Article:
Will HTML5 allow web apps to make peer-to-peer HTTP connections?

Question!

Is it possible to create a web app that, with the help of a central server, could create direct connections with other users of the same web app? I'm imagining a process similar to UDP hole punching.

I've read about the new WebSockets API in HTML5, but it appears you must initiate the connection with a WS-compatible server before the fully-duplexed connection can begin. I'm thinking moreso about a process to make direct connections between clients, with a server getting involved only in the initial handshake.

NOTE: Java applets don't count. I'm interested only in standard browser technologies.



Answers

I second harshath.jr: you could very well have a server acting as a directory (exposing "origins" of each connected agent; origin being scheme host port as in draft-abarth-origin, with the scheme being either "ws" or "wss"). You could then initiate peer-to-peer WebSocket connections; the SOP being worked through thanks to CORS. Of course, this means that each agent (i.e. browser) would have to embed its own WebSocket server (à la Opera Unite).

In the mean time, do it the XMPP/IRC/etc.-way: no peer-to-peer connection but WebSocket connections to a central server (or network!) to pass messages to the connected agents (eventually using some specific WebSocket "subprotocol")

EDIT: note that all of this is actually outside the scope of HTML5 (all of those things were once part of HTML5 but have been split away into their own specs)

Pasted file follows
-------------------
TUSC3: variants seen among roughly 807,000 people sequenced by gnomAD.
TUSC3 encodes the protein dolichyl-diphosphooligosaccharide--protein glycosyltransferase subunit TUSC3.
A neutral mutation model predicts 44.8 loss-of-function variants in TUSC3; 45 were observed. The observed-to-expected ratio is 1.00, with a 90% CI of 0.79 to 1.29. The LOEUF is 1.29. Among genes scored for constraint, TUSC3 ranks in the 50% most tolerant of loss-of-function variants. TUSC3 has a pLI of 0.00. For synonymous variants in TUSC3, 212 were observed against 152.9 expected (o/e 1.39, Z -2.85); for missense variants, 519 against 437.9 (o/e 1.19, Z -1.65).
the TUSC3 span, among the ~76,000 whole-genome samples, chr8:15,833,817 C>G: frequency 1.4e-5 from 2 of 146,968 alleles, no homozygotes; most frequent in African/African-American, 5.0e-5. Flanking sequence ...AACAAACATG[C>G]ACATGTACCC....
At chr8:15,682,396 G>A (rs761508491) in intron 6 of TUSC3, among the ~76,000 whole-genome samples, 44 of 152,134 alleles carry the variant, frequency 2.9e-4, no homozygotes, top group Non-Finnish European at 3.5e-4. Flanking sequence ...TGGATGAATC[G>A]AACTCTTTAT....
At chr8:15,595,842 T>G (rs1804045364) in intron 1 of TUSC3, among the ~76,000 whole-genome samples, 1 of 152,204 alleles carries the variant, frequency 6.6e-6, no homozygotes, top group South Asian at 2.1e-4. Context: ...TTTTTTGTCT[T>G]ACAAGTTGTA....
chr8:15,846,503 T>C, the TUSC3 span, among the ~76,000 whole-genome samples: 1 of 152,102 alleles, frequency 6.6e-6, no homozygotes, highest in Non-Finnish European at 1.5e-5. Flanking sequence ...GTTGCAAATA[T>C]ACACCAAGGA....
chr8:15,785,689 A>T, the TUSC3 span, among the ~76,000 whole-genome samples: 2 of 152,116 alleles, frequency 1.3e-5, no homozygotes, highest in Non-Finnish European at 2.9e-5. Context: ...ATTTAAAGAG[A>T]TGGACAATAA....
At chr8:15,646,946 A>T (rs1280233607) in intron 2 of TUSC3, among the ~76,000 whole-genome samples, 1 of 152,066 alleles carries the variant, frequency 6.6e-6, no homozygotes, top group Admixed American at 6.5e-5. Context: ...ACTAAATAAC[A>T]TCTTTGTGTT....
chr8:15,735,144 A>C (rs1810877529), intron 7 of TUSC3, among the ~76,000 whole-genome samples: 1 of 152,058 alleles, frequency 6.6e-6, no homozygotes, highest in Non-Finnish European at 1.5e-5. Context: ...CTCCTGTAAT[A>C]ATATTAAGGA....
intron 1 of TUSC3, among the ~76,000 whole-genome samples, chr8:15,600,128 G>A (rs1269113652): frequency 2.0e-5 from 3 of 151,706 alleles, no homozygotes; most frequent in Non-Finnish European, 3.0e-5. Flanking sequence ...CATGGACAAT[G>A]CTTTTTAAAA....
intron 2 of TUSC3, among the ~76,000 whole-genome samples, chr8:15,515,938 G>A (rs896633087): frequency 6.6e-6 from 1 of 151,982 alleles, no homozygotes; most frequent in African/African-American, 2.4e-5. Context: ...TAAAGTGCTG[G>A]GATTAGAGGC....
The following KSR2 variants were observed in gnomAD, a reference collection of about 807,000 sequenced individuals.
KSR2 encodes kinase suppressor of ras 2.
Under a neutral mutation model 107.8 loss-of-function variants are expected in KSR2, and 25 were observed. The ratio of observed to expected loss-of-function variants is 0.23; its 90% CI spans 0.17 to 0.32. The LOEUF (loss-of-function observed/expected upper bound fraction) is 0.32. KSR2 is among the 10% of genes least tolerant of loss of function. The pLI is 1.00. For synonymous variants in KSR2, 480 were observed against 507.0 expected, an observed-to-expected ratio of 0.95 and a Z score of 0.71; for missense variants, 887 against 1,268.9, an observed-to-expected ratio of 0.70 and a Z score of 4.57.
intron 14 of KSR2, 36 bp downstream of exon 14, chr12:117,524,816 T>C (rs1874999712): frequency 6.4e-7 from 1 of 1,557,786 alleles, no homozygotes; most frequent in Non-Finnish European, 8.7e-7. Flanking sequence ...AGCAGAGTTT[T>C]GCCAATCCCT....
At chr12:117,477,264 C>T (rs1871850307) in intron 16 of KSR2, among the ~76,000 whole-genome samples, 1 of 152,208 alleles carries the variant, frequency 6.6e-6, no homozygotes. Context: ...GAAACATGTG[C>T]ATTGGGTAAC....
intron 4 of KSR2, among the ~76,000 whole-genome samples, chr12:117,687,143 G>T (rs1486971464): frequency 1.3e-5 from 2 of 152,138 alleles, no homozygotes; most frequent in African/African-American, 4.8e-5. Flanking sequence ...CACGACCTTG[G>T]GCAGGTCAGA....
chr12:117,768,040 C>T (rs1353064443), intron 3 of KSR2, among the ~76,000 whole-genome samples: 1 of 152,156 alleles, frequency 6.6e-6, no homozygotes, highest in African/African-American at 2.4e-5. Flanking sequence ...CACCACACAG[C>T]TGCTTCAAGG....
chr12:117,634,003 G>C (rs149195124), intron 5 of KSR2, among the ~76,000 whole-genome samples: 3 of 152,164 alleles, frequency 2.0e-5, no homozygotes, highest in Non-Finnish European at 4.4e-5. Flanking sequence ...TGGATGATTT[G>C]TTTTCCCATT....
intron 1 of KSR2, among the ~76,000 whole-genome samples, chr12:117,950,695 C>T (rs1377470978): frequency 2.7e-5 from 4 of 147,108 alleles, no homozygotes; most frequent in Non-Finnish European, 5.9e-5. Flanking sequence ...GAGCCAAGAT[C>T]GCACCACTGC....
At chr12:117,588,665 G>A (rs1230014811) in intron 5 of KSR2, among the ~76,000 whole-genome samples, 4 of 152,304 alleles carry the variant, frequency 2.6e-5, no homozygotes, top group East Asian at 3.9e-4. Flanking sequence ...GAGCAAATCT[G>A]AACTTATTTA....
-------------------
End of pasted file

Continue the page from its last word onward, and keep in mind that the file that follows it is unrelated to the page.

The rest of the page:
The Whole idea of Web Sockets was to solve the problems with Firewalls and proxies http://www.kaazing.org/confluence/display/KAAZING/What is an HTML 5 WebSocket



There are a number of reasons why this would be tricky:

  1. Firewalls (even just plain NATs) would make this kind of connection difficult at a much lower protocal layer than even HTTP. With my IT security hat on, this seems like a wonderful way to open arbitrary ports on a machine, just by visiting a website - and so it would be aggressively blocked by virtually all corporate IT systems.
  2. HTTP is inherently a client-server protocol. While it is reasonably easy to simulate duplex communications using long polling (as well as a couple of other techniques), it is not particularly efficient.
  3. This would open a large hole for XSS attacks.

WebSockets is designed to solve the second of these issues, but (deliberately, I expect) not the other two. When they talk about peer-to-peer in the HTML5 spec, they are talking about full duplex communications between the server and the client, not between one client and another.

However, it would be simple to implement a proper network stack on top of websockets - with the proviso that all communication would still have to be done through the server. I have seen this done using long polling (a friend of mine at Uni wrote a full TCP/IP stack using long polling).

By : jwoolard


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